Redick is on the older side at 34-years-old, but he averaged a career-best 18.1 points per game and made the seventh-most 3-pointers in the league this season. His game should continue to age well, at least on the offensive end of the court.
Redick signed one year deals with the Philadelphia 76ers in back-to-back offseasons. He made $23 million in 2017-18 and $12.3 million in 2018-19.
Terrence Ross, SG/SF
Ross came close to breaking Wayne Ellington's record for 3-pointers made by a reserve this season. He made history in a different way, though, by becoming the first player ever to make 200 3-pointers in a season without starting a single game.
It led to Ross averaging a career-best 15.1 points per game. The only reserves to pour in more points on a nightly basis this season were Lou Williams, Spencer Dinwiddie, Jordan Clarkson and Montrezl Harrell.
Ross is more of the ilk of Redick, in that he never stops moving and he's not afraid to put the ball on the floor when defenders run him off the 3-point line. Only four players scored more points off of screens, and Ross drilled 38.4% of his pull-up 3-point attempts and 41.4% of his pull-up 2-point attempts.
It helps that Ross is 6-foot-7, because it gives him the size to shoot over most perimeter defenders. He also has the athleticism to finish strong at the basket.
The biggest concern with Ross? This season was his best season yet. It's possible it's a sign of things to come, but he wouldn't be the first person to have a career season fall on a contract year.
Additionally, Ross handles the ball more than anyone else on this list while creating little offence for others. Of the 132 players who had a usage rate of 20% or greater this season, Ross ranked 106th with an assist percentage of 12.3%.
Even so, Ross is one of the more explosive scorers in this free agency class. He will likely garner a lot of interest from teams looking for scoring and shooting.
Ross made $10.5 million with the Orlando Magic this season.
Seth Curry, PG/SG
When it comes to the art of catching-and-shooting a basketball, few are as accurate as Curry.
According to NBA.com , Curry made 49.7% of his catch-and-shoot attempts from the 3-point line this season. Three players made those opportunities at a higher rate, although those players either barely played (Alex Caruso) or rarely stepped behind the perimeter (Willie Cauley-Stein and Domantas Sabonis).
Standing at 6-foot-2, it was once believed that Curry's best path towards having a career in the NBA was to become a point guard, but he was primarily a shooting guard this season with the Portland Trail Blazers. That freed him up to do what he does best - look for his own shot, mostly by spotting up and running off of screens.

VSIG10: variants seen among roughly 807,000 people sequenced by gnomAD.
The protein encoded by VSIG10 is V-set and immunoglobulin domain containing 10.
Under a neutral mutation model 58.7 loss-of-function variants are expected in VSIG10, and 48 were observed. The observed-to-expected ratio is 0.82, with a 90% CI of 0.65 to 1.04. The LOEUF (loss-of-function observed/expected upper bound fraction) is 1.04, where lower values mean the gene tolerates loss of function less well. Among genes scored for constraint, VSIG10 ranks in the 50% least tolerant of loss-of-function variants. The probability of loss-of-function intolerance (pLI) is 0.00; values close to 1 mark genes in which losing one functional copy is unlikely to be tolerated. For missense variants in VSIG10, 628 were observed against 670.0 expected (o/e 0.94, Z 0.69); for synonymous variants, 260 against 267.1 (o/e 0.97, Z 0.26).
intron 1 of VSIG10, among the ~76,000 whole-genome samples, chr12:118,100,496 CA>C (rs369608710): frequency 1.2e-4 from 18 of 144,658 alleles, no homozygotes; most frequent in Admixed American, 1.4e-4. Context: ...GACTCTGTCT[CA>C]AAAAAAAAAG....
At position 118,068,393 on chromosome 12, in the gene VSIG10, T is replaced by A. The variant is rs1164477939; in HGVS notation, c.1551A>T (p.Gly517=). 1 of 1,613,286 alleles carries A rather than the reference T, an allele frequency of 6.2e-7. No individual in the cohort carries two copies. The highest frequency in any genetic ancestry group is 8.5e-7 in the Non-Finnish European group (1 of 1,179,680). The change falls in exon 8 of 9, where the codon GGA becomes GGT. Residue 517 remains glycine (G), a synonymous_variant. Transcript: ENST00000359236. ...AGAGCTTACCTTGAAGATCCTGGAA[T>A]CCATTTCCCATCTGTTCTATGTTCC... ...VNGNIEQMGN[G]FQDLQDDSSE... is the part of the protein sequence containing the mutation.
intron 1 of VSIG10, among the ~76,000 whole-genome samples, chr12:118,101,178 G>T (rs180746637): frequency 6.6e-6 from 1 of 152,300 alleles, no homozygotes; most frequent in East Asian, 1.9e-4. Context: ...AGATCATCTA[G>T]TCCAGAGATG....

Curry has come off the bench for most of his career, so he might not be the answer for teams looking for a starting guard, as he does lack the vision to be a full-time one and the size to be a full-time two. But as a backup who can punish opponents for helping off of him, he would be a welcomed addition to any team looking to fill out its second unit.
After missing all of the 2017-18 season with a leg injury, Curry made $2.8 million with the Portland Trail Blazers this season.
Nikola Mirotic, PF
Last but not least, Mirotic is perhaps the stretchiest of stretch fours available on the free agent market this offseason.
Mirotic split the 2018-19 season playing for the New Orleans Pelicans and Bucks. He shot 6.9 3-pointers per game with the two teams, which was the fifth-highest rate at the forward position, behind Paul George, Luka Doncic, Terrence Ross and Blake Griffin. There simply aren't many players his size who are as comfortable shooting 3-pointers in the volume and at the range that he does.
For teams in need of spacing, the combination could open up the court in a big way. It didn't quite work out with the Pelicans and Bucks this season, but New Orleans saw its offensive rating improve by 3.2 points per 100 possessions with him on the court last season.
Mirotic, however, is an incredibly streaky shooter - he shot himself out of Milwaukee's rotation in the playoffs, for example - and he has missed a total of 63 games over the last two seasons for a variety of reasons, from a broken thumb to several ankle injuries.
Whichever team signs him might want a backup plan in place just in case one or both of those problems continue to arise. He is at least unlikely to make more on his next contract than he did on his previous one, which paid him $27 million over two years.
According to a report from Shams Charania, Mirotic will not be in the NBA next season, as he will return to Europe to play with Barcelona.